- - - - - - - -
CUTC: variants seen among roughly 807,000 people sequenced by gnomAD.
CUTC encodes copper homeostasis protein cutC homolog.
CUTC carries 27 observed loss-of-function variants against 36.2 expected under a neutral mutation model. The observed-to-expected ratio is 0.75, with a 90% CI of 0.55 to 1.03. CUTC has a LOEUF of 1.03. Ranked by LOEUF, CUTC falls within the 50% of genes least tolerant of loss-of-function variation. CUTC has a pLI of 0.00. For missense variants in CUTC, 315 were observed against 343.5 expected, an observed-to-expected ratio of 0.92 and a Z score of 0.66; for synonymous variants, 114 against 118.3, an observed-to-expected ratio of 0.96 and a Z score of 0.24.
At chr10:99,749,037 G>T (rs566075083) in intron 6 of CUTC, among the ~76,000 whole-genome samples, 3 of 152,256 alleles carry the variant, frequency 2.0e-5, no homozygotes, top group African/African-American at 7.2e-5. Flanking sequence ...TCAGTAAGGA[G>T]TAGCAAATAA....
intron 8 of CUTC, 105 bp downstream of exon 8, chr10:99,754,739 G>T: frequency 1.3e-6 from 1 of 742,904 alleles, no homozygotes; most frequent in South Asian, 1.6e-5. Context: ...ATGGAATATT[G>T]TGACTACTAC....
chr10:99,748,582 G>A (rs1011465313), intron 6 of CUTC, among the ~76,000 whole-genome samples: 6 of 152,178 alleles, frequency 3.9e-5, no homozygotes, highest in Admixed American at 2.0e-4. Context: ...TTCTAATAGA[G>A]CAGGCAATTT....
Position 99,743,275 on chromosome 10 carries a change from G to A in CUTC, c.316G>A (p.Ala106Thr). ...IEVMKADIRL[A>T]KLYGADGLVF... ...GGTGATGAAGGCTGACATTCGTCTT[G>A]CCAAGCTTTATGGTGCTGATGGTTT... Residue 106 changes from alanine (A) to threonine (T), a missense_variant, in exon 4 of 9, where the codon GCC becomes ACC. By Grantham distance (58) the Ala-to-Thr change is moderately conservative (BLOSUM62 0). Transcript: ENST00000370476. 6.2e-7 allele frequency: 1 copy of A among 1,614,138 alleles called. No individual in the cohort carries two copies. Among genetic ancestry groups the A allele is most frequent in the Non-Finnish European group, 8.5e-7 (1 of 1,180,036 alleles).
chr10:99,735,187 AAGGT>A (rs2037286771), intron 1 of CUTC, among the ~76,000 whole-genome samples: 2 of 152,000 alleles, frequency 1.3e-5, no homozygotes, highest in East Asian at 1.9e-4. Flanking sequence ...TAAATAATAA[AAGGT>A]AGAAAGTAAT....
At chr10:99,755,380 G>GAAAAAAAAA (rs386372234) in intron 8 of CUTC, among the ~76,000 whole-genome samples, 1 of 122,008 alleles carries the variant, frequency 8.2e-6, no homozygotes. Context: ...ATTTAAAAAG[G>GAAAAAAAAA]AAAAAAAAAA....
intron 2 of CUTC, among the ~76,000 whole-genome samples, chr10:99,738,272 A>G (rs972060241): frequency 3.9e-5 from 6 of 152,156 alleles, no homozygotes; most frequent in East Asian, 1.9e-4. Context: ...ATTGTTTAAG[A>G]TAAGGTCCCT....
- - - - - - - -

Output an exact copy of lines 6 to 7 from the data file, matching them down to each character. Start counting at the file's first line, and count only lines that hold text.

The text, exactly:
chr10:99,748,582 G>A (rs1011465313), intron 6 of CUTC, among the ~76,000 whole-genome samples: 6 of 152,178 alleles, frequency 3.9e-5, no homozygotes, highest in Admixed American at 2.0e-4. Context: ...TTCTAATAGA[G>A]CAGGCAATTT....
Position 99,743,275 on chromosome 10 carries a change from G to A in CUTC, c.316G>A (p.Ala106Thr). ...IEVMKADIRL[A>T]KLYGADGLVF... ...GGTGATGAAGGCTGACATTCGTCTT[G>A]CCAAGCTTTATGGTGCTGATGGTTT... Residue 106 changes from alanine (A) to threonine (T), a missense_variant, in exon 4 of 9, where the codon GCC becomes ACC. By Grantham distance (58) the Ala-to-Thr change is moderately conservative (BLOSUM62 0). Transcript: ENST00000370476. 6.2e-7 allele frequency: 1 copy of A among 1,614,138 alleles called. No individual in the cohort carries two copies. Among genetic ancestry groups the A allele is most frequent in the Non-Finnish European group, 8.5e-7 (1 of 1,180,036 alleles).